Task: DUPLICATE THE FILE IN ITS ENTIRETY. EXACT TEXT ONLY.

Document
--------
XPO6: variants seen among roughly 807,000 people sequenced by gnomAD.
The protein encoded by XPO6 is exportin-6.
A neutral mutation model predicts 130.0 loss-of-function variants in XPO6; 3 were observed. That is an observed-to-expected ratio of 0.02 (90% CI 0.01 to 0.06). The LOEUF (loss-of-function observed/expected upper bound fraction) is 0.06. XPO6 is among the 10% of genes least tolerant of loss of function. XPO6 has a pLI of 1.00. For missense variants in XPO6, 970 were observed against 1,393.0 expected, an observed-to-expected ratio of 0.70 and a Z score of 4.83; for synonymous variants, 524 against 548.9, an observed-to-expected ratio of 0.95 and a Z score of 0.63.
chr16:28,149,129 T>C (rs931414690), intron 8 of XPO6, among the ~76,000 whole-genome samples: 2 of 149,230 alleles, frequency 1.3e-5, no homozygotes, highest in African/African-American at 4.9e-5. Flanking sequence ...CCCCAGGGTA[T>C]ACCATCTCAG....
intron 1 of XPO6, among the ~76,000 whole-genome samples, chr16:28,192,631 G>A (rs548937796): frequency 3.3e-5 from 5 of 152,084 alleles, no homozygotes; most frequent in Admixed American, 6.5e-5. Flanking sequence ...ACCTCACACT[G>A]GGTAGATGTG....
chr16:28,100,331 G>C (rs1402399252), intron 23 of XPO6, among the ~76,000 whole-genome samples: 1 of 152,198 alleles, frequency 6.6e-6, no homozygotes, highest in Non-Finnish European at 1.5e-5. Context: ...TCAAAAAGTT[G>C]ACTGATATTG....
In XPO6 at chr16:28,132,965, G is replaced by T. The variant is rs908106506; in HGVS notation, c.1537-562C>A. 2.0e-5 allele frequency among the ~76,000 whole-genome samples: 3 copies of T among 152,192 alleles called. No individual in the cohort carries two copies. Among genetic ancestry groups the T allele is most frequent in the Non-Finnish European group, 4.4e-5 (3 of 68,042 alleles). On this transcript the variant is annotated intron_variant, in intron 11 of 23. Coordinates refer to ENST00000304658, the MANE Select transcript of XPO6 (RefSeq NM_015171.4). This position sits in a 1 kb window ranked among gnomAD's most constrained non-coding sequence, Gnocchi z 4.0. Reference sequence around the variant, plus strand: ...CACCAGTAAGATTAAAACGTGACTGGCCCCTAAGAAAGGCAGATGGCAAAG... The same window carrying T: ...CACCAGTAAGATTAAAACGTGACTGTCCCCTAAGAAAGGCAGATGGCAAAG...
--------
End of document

XPO6: variants seen among roughly 807,000 people sequenced by gnomAD.
The protein encoded by XPO6 is exportin-6.
A neutral mutation model predicts 130.0 loss-of-function variants in XPO6; 3 were observed. That is an observed-to-expected ratio of 0.02 (90% CI 0.01 to 0.06). The LOEUF (loss-of-function observed/expected upper bound fraction) is 0.06. XPO6 is among the 10% of genes least tolerant of loss of function. XPO6 has a pLI of 1.00. For missense variants in XPO6, 970 were observed against 1,393.0 expected, an observed-to-expected ratio of 0.70 and a Z score of 4.83; for synonymous variants, 524 against 548.9, an observed-to-expected ratio of 0.95 and a Z score of 0.63.
chr16:28,149,129 T>C (rs931414690), intron 8 of XPO6, among the ~76,000 whole-genome samples: 2 of 149,230 alleles, frequency 1.3e-5, no homozygotes, highest in African/African-American at 4.9e-5. Flanking sequence ...CCCCAGGGTA[T>C]ACCATCTCAG....
intron 1 of XPO6, among the ~76,000 whole-genome samples, chr16:28,192,631 G>A (rs548937796): frequency 3.3e-5 from 5 of 152,084 alleles, no homozygotes; most frequent in Admixed American, 6.5e-5. Flanking sequence ...ACCTCACACT[G>A]GGTAGATGTG....
chr16:28,100,331 G>C (rs1402399252), intron 23 of XPO6, among the ~76,000 whole-genome samples: 1 of 152,198 alleles, frequency 6.6e-6, no homozygotes, highest in Non-Finnish European at 1.5e-5. Context: ...TCAAAAAGTT[G>C]ACTGATATTG....
In XPO6 at chr16:28,132,965, G is replaced by T. The variant is rs908106506; in HGVS notation, c.1537-562C>A. 2.0e-5 allele frequency among the ~76,000 whole-genome samples: 3 copies of T among 152,192 alleles called. No individual in the cohort carries two copies. Among genetic ancestry groups the T allele is most frequent in the Non-Finnish European group, 4.4e-5 (3 of 68,042 alleles). On this transcript the variant is annotated intron_variant, in intron 11 of 23. Coordinates refer to ENST00000304658, the MANE Select transcript of XPO6 (RefSeq NM_015171.4). This position sits in a 1 kb window ranked among gnomAD's most constrained non-coding sequence, Gnocchi z 4.0. Reference sequence around the variant, plus strand: ...CACCAGTAAGATTAAAACGTGACTGGCCCCTAAGAAAGGCAGATGGCAAAG... The same window carrying T: ...CACCAGTAAGATTAAAACGTGACTGTCCCCTAAGAAAGGCAGATGGCAAAG...